• Ivan Kisjes - CREATE
  • Saan Rashid - CREATE

Funded by NWO Open Science Fund (203.001.026)




Screenshot of the Voyager app



















Fig 1. 3DWorkSpace models page
Fig 2. 3DWorkSpace side-by-side comparison on a collection page
Fig 3. 3DWorkSpace - Learning Pathway

Virtual Past Places progress report: VR embedding and evaluation

Jitte Waagen and Emma van de Goot

It has been 9 months since the official start of the Virtual Past Places project (VPP). The VPP project revolves around the development of Virtual Reality (VR) environments, tailor-made for selected courses in the Faculty of Humanities at the University of Amsterdam. As we are in full development, and many interesting steps have been taken, it is about time for an update!

Since the start of the project, we have been closely working together with lecturers on the implementation of Virtual Reality in the classroom. A total of eight courses from different fields were selected for the project and for each of these, we are creating VR environments optimized towards a specific learning objective. In this phase of the project, we focus on two specific challenges. The first is to further strengthen the embedding of the VR environments in the teaching modules, and the second is to develop a method to evaluate the effect of the VR activity on improving education (Waagen, 2021).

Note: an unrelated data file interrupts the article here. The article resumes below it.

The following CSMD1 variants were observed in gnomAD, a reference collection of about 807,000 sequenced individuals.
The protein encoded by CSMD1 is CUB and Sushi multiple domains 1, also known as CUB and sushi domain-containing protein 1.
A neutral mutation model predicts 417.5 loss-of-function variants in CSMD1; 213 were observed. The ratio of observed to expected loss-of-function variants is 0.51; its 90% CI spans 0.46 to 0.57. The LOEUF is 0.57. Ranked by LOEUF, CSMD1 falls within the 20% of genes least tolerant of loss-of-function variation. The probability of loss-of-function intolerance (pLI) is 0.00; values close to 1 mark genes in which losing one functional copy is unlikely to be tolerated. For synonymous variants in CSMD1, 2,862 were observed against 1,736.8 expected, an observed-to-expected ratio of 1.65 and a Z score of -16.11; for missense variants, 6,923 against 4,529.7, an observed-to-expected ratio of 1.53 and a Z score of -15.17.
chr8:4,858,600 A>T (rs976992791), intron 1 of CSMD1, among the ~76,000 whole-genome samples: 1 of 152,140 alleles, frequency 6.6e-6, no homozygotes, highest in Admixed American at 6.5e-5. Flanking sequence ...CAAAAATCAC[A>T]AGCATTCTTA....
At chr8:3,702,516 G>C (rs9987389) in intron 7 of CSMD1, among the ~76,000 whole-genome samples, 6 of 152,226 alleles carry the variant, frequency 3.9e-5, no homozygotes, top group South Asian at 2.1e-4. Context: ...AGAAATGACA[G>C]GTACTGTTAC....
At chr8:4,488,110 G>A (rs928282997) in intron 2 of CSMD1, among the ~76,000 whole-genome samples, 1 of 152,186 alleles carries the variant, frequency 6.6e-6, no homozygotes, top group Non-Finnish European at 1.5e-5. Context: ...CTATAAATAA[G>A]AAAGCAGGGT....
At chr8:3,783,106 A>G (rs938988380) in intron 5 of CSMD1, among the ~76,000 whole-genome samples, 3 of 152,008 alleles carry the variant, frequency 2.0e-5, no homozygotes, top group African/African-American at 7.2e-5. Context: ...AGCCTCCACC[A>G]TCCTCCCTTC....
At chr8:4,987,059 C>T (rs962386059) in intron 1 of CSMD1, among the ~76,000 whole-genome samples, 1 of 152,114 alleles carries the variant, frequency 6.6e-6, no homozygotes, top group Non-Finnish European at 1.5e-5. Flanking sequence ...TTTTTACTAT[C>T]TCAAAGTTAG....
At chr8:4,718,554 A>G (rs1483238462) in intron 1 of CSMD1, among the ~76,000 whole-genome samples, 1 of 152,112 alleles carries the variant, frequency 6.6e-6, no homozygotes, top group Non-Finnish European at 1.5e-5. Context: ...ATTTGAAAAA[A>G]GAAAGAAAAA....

Embedding and evaluating

In order to properly design the VR environments and to develop an effective evaluation method, a close collaboration with the Teaching and Learning Center (TLC) at the Faculty of Humanities was established.